That's the sound of my life blowing by.
I had been hearing that sound for months and months, but was unable to identify it until recently when we were forced to slow down and take care of just the essentials for a while.
Our dog, who we had adopted from the local shelter this past spring, was hit by a car in late October. Amazingly, he suffered only a few cuts and scrapes and a single fractured vertebra. Unfortunately, that vertebra was the gateway to the nerve clusters controlling his tail, bladder, rectum, and hind legs. He was paralyzed, incontinent, and in pain. We have a wonderful vet who took great care of him and taught us how to nurse him and get him started on therapy once the swelling and pain went down. This involved setting up a penned area in the house, giving him meds, carrying him outside to get fresh air and try to go to the bathroom, giving him baths, changing his diaper, working his legs, cleaning his pen, and monitoring his food and water intake... several times a day. This meant we cancelled a lot of activities since we had to be home to care for him.
We did the bare minimum.
It was wonderful.
And he was making progress. Within a month, he was walking. He had regained his continence but could not get up and down the stairs to the house by himself (despite his best efforts), so we still had to carry him outside and bathe him frequently, but we were making progress.
Unfortunately, he developed an infection and finally succumbed after multiple, ineffective rounds of antibiotics. We had family visiting when he passed and a stray dog who had made it known that he wouldn't mind making his home here, but it was still very difficult. I still find myself wanting to take him out to kick his soccer ball or checking his favorite hiding places to make sure he hasn't absconded with the sock I can't seem to find.
That period of canine hospice immediately followed by a family visit and holiday celebrations that changed our daily routine made me realize how quickly life is passing and how much I am advancing in it without really participating in it. My body is there (driving the kids to activities and jobs, teaching, preparing meals, taking photos) but my mind and spirit are often not present. The moments of pausing to recognize "this is a good thing" had been becoming fewer and fewer.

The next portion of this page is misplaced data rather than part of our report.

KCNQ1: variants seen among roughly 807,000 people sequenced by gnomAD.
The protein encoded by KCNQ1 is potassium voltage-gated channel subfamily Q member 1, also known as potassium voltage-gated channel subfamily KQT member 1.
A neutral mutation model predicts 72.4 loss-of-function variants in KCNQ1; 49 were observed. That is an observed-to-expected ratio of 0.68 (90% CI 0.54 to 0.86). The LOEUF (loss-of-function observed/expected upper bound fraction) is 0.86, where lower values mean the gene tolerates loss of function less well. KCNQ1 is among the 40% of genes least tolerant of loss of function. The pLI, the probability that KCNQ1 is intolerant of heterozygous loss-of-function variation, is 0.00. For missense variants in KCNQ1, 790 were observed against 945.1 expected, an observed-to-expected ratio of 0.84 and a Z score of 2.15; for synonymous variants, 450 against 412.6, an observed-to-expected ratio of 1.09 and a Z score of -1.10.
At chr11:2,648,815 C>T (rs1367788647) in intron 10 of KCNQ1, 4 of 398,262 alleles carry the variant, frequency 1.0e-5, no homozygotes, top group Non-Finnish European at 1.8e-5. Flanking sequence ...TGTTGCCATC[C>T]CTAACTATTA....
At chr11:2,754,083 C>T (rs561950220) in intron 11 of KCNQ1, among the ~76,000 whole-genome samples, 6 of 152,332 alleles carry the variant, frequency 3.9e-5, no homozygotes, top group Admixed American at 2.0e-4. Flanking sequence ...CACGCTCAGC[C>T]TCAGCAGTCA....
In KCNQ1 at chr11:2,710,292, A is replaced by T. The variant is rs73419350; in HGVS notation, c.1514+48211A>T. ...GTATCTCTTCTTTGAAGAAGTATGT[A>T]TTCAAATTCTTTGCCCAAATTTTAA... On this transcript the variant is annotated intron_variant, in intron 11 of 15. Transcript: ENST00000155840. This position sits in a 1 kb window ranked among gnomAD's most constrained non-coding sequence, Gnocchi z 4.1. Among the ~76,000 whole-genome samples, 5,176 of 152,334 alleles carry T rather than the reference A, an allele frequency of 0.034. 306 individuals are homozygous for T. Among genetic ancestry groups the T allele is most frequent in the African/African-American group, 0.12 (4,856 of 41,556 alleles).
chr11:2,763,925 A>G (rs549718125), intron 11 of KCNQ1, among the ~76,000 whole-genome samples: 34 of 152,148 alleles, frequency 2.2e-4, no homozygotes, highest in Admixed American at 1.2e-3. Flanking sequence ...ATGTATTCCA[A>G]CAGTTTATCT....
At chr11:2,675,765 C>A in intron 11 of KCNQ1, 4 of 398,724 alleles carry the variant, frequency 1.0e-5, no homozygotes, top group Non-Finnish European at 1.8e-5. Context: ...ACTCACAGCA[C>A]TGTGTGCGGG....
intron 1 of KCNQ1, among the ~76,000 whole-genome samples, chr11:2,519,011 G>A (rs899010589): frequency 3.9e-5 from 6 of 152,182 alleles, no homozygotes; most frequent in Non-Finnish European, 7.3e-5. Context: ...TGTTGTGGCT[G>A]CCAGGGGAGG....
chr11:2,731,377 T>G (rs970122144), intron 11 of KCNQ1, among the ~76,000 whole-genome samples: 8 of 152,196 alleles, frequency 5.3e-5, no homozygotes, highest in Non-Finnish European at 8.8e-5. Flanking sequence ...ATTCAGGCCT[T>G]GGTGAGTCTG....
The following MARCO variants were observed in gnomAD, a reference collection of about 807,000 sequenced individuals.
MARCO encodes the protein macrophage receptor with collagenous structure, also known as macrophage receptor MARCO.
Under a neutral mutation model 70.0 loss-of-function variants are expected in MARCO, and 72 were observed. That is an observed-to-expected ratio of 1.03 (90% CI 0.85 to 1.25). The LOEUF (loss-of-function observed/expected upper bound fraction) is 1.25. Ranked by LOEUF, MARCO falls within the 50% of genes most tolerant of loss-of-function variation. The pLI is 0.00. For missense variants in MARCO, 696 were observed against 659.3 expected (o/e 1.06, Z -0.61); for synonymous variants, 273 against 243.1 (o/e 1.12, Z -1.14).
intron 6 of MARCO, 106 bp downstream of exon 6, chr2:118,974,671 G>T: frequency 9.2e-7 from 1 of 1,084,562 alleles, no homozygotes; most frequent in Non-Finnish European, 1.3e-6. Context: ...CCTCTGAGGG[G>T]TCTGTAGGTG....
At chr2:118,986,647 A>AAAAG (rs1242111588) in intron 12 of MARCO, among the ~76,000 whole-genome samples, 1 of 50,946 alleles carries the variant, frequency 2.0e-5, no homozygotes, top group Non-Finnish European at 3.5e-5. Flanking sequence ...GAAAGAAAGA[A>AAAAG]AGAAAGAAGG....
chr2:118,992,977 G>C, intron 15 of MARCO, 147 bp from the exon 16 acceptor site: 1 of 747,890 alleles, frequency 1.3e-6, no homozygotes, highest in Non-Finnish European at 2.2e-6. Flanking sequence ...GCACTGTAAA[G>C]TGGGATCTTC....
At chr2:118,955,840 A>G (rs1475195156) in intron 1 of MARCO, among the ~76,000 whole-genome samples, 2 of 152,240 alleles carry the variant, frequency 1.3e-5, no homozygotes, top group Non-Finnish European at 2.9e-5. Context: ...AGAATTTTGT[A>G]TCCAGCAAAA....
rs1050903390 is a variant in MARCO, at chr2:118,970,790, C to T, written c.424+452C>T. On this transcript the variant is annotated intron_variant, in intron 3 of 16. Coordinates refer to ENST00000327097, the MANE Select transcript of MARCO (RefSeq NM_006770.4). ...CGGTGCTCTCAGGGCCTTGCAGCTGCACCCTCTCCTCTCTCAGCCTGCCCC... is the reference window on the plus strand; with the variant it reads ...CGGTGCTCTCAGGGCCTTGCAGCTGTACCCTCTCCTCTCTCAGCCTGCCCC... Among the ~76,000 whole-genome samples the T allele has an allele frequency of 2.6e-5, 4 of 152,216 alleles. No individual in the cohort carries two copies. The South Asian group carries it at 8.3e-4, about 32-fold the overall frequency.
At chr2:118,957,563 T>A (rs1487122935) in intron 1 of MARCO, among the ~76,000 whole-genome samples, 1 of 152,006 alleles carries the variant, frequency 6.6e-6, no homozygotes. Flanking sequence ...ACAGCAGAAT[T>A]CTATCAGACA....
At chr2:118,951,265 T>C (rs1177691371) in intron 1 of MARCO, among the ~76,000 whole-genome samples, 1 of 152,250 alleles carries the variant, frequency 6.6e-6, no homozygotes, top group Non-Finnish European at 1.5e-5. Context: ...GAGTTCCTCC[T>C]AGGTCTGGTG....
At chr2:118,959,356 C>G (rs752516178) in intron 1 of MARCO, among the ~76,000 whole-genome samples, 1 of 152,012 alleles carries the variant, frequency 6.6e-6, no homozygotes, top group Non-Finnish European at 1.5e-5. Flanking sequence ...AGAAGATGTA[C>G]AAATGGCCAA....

Call it a goal or a resolution or changed habit or what have you, but I am looking forward to being more present. This includes getting rid of stuff (physical, mental, emotional, and spiritual) that has no purpose but to keep me busy. It also includes being okay with a lack of productivity. I am a type-A personality and am always working on a project while looking forward to the next one. I am fine with this. It is how I was created. What I am not fine with is that this type of drive/ focus has often caused me to value activities, possessions, and relationships in terms of what I get out of them. Sometimes things just are. Cleaning up dog poo for the third time in a day really didn't get me anything (except a house free of poo smell, I suppose), but I was okay with doing it simply because it was something that had to be done. I want more of that.
Writing and posting here has been something I have been wanting to do and missing for a long time, but it didn't seem important because it didn't "get" me anything (money? fame? feedback? not really sure what I wanted, just knew I didn't get it), so I didn't write. Missing it should have been my clue. I like to write. I like the process of creativity that comes from blogging. I need to do it more.
There are other things I will be doing more of: fiction writing, starting a business, taking photos, calling friends to meet for coffee, playing games with the kids.
There are also things I will not be doing: keeping a garden that looks like something off of a magazine cover, keeping a house that looks like it belongs on a magazine cover, going to activities whenever the church is open, reading for hours upon hours a day, staying up until 3am, getting up before 8am.
Doing things thoughtfully. With purpose.